Recently, the repression was put out more into the open and pushed into the public sphere. Freelance reporter Reese Erlich penned an article in The Daily Beast about the issues gays face in Syria. Erlich wrote, after interviewing a person named Hassino that “dozens of gay men and lesbians have been killed during the uprising, but most Syrians are unaware of their sexual orientation…Homosexuality remains a criminal offense in Syria, despite promises of reform by President Assad when he took office in 2000. In March and April 2010, the government arrested groups of gay men who were having parties at private houses in Damascus…while gay men undergo harassment, lesbians face even more difficulties…While homosexuality remains illegal and gays must lead double lives in Syria, a 2009 UNHCR report notes that other Middle East countries are far worse violators of gay rights. Seven Middle East nations proscribe the death penalty for homosexual acts. As a result…some gay men and lesbians still support Assad. They fear that if conservative Islamists come to power, they will face even more repression…the right to organize and speak freely will benefit all Syrians, and eventually help gays as well.” Then there is the admitted TERF & liar, Victoria A. Brownworth, who pens an interesting commentary on the liberal gay magazine, The Advocate. Even though she advocates for a humanitarian imperialist intervention in Syria, she notes that “Syria has an undeniably terrible history on gay and women’s rights…It is illegal to be gay or lesbian in Syria, so many gay men and lesbians are imprisoned for being queer…Since the current conflict began, such detentions have become a commonplace, and with them, rapes…Honor killings are already common in Syria and have been implemented against LGBT people as well as women…LGBT Syrians are at grave risk, as are Syrian women. What we must realize is that LGBT people have significant concerns with regard to Syria and, for LGBT Syrians’ sake and ours, we cannot afford to be silent.” Despite all of this, GSRM people already had a pride day at the end of June in the face of increased repression.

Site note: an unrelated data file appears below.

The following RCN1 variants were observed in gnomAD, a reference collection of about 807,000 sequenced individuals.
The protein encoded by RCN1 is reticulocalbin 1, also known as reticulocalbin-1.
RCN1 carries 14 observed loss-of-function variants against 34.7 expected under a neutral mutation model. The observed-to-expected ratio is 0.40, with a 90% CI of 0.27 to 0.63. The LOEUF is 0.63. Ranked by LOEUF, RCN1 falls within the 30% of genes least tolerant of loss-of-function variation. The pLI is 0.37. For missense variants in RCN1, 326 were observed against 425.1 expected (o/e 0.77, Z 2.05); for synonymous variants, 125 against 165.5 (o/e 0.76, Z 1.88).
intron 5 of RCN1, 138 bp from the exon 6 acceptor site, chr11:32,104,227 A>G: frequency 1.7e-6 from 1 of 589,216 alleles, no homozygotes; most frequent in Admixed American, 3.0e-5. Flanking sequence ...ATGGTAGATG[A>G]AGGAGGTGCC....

In essence, a war in Syria is more than just a queer issue. War itself is an issue that affects gay, lesbian, bisexual, trans*, intersex, asexual and many other radical minorities as I wrote about back in August. While accepting this construct and deeply challenging all of the interlocking hierarchies which encompass those directly or indirectly affected by this conflict is an important to step toward liberation.  As Cornel West wrote in Democracy Matters, “In the face of callous indifference to the suffering wrought by our imperialism, we must draw on the prophetic…prophetic witness consists of human acts of justice and kindness that attend to the unjust sources of human hurt and misery…this prophetic tradition should…help to illuminate the effects of our imperialism on the poor and oppressed peoples of the world.”

*These people are commonly called LGBTQ+ people as well, but GSRM is a more inclusive term.

Burkely Hermann is a writer who has focused on social justice issues since 2007, when he wrote an essay opposing the Iraq war. Burkely is also a student at St. Mary’s College of Maryland where he studies political science and history while participating in social justice clubs on campus.



Categories: Main Page, Middle-East